Teruyuki Takakura

From BR Bullpen

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Teruyuki Takakura (高倉 照幸)

  • Bats Right, Throws Right
  • Height 5' 8", Weight 165 lb.

BR Japan page

Biographical Information[edit]

Teruyuki Takakura was a nine-time All-Star in 18 seasons in Nippon Pro Baseball.

Takakura debuted with the Nishitetsu Lions in 1953; the 18-year-old was 3 for 16. He got his big break in 1954 when Nishitetsu LF Etsuro Otsuka got tuberculosis (he became the Lions' center fielder, with Seiji Sekiguchi moving to left); he opened with two doubles off Takao Kajimoto in that contest. For the season, Takakura hit .255/.280/.380 in 90 games. He batted .222/.300/.278 with one run and one RBI in the 1954 Japan Series as the Lions fell in 7 games to the Chunichi Dragons.

In 1955, Takakura produced at a .276/.325/.443 clip with 17 home runs and 71 RBI; he also stole 33 bases in 42 tries. He was 5th in the Pacific League in home runs, 8th in RBI (between Charles Luis and Akitoshi Kodama) and tied Kiyoshi Watanabe for 7th in swipes. He hit .259/.310/.379 in 1956 with 35 steals in 44 attempts. He was sixth in stolen bases. In 1956 NPB All-Star Game 2, he started in center and hit 6th for the PL, going 0 for 4 in a 2-0 loss to the Central League. He was 2 for 10 in the 1956 Japan Series as the Lions beat the Yomiuri Giants.

The Kumamoto native's batting line rose to .279/.321/.434 in 1957 and he stole 17 bases in 26 tries. In 1957 NPB All-Star Game 1, he went 0 for 2 after taking over in CF in a 5-2 PL win (CF Kazuhiro Yamauchi moving to LF; Sekiguchi had been in LF). In Game 2, a 5-4 loss, he replaced Shoichi Busujima in CF and went 1 for 2 with a walk. For the season, he was 10th in the league in average, 10th in slugging, 4th in runs, tied for 5th in doubles (with Takao Katsuragi, Isami Okamoto and Kenichiro Okamoto) and tied Katsutoyo Yoshida for 10th in home runs (11). In the 1957 Japan Series, he was just 1 for 14 but Nishitetsu beat Yomiuri thanks to the hitting of outfield mates Hiroshi Oshita and Sekiguchi among others and the pitching of Kazuhisa Inao and Hisafumi Kawamura.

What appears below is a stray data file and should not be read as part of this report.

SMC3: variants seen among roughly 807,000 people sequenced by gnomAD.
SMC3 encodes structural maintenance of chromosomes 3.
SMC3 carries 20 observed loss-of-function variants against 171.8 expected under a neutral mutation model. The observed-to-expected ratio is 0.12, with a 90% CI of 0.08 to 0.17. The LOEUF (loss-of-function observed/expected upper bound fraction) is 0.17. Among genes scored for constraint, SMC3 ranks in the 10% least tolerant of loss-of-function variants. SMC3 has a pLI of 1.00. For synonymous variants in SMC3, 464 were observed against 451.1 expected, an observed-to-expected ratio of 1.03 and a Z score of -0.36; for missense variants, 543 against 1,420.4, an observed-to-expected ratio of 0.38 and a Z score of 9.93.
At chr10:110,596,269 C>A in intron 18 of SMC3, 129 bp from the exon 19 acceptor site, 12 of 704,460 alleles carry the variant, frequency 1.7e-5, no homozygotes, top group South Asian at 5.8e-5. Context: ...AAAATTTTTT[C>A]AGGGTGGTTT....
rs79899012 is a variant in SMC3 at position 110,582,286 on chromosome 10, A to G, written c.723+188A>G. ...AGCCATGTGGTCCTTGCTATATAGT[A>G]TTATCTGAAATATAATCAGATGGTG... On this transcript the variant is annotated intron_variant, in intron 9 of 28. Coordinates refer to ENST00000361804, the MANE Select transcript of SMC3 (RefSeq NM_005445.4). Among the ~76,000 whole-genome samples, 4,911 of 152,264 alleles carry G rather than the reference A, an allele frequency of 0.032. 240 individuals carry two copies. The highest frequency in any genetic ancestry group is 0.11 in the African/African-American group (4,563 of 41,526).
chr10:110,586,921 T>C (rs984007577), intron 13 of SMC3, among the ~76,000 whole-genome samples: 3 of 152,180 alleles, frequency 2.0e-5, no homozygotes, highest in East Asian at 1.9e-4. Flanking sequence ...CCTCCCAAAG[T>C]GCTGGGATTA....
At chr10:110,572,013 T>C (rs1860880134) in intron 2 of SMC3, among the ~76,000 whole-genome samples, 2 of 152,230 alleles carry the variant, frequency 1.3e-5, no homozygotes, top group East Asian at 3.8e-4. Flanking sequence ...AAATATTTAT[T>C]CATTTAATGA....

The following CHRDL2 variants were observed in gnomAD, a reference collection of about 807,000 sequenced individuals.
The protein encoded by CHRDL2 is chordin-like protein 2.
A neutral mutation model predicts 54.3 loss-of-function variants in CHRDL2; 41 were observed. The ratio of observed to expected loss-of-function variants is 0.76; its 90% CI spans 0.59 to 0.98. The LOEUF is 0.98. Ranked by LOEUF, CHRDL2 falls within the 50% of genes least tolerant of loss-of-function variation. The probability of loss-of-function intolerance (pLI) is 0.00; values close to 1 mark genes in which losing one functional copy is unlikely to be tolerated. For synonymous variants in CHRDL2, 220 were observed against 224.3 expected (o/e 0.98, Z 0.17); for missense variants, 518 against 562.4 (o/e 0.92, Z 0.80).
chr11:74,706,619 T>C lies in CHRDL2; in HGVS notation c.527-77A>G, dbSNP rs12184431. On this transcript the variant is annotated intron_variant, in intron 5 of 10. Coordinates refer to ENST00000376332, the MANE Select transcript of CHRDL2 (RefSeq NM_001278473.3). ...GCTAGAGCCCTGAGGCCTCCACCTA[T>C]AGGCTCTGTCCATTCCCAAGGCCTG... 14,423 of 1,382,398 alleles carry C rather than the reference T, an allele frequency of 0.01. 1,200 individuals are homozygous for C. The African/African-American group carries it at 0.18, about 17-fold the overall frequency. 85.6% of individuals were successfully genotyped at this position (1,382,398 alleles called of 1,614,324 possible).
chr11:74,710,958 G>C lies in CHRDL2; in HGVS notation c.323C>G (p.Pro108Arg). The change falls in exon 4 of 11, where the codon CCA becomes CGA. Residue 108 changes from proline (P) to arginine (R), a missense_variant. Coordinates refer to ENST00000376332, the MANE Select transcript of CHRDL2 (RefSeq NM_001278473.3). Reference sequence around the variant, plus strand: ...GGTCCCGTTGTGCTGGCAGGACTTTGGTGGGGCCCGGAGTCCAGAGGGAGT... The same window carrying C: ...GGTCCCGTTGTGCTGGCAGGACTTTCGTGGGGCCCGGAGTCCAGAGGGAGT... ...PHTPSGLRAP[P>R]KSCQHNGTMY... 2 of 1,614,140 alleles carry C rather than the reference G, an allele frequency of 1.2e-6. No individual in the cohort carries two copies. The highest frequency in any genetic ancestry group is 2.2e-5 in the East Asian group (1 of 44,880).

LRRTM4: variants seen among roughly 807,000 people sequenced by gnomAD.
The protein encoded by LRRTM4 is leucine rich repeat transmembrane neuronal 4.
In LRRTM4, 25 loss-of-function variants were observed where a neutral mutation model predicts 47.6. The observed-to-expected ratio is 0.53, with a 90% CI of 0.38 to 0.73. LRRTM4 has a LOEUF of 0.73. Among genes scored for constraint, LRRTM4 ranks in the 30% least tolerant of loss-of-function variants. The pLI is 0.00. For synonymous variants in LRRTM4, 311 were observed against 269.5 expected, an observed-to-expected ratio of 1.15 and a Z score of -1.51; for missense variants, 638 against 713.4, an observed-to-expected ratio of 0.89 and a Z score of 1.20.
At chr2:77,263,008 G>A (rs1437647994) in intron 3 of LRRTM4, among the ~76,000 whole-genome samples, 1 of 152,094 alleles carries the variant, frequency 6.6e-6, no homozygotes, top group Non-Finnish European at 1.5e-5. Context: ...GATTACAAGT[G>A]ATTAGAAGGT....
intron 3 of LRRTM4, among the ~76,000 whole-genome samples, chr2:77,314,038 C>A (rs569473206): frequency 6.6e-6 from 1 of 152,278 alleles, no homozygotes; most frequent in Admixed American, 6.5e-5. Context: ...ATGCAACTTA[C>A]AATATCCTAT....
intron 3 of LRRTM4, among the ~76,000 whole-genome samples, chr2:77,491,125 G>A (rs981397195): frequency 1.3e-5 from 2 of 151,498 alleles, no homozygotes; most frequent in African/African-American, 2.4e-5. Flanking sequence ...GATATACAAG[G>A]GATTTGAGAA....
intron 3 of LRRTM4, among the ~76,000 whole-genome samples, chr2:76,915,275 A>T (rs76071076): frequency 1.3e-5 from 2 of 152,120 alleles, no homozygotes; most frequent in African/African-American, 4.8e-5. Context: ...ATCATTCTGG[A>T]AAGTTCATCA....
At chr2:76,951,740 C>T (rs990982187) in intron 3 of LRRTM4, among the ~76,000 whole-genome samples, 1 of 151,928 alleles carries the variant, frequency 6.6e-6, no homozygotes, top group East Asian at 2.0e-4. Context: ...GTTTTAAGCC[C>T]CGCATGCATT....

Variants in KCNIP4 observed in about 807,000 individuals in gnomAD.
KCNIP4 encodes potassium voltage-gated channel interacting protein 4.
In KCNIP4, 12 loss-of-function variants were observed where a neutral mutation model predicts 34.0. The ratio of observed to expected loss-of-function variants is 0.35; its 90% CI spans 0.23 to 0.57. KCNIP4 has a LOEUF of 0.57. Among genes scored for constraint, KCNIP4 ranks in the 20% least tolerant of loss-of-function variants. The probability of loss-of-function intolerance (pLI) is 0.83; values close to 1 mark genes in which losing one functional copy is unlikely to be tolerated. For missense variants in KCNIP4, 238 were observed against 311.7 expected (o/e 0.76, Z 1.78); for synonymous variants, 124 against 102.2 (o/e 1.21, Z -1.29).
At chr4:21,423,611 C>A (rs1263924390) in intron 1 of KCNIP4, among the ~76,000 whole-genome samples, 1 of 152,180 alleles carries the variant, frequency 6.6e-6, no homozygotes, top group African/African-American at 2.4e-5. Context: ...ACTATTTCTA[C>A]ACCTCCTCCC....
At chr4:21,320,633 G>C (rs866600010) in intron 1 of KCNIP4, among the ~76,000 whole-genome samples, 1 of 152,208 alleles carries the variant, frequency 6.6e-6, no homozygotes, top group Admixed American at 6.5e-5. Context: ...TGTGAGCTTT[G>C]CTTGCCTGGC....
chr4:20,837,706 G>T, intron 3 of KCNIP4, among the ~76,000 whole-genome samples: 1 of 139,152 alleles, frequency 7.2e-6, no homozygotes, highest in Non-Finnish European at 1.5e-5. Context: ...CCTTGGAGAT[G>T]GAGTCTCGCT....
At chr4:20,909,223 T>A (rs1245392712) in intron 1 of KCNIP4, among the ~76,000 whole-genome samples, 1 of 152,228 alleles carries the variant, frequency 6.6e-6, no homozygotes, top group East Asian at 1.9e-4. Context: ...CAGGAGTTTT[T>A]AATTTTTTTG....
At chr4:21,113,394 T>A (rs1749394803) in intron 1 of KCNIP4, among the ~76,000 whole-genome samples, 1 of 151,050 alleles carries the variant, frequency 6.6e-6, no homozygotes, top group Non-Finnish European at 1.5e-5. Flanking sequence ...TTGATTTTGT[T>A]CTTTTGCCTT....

He hit .276/.343/.383 in 1958, with 7 hit-by-pitches (one behind leader Katsuya Nomura). On October 2, he hit a pinch-hit grand slam. He did shine in the 1958 Japan Series, batting .385/.407/.462 to join with Yasumitsu Toyoda and Futoshi Nakanishi in leading the Nishitetsu offense in a 7-game win over Yomiuri. In 1959, he batted .304/.344/.403 with six triples, 60 runs and 17 steals while only being caught five times. He was 3 for 5 with a run and RBI in 1959 NPB All-Star Game 1, a 9-0 win for the PL. He was 0 for 2 in game 2 before Junzo Sekine pinch-hit for him. He made the PL leaderboards in average (5th, between Yoshinori Hirose and Akio Saionji), OBP (9th, between Sekine and Kodama), hits (132, 10th, between Toyoda and Kenjiro Tamiya), triples (tied for 8th) and steals (tied Hirose for 7th). He made his first Best Nine as he was picked as one of the PL's top three outfielders, alongside Sekiguchi and Kohei Sugiyama.

Takakura slumped to .230/.254/.331 in 51 games in 1960. In 1961, though, he was back in form, batting .301/.346/.462 with 15 home runs, 18 steals (in 27 tries) and 76 runs. He replaced Tamiya in CF in 1961 NPB All-Star Game 1, going 0 for 1 in a 3-0 win. In Game 2, a 4-2 win, he replaced Yamauchi in left and struck out against Ritsuo Horimoto. He was 7th in the league in average (between Kusuo Tanaka and Yoshida), 9th in slugging (between Toyoda and Yoshida), 9th in runs, tied Nomura and Hachiro Yamamoto for 9th in hits (146), tied Kingo Motoyashiki and Tanaka for 9th in triples (5), tied Sugiyama for 10th in home runs and tied Isao Harimoto for 9th in steals (his last time among the steal leaders).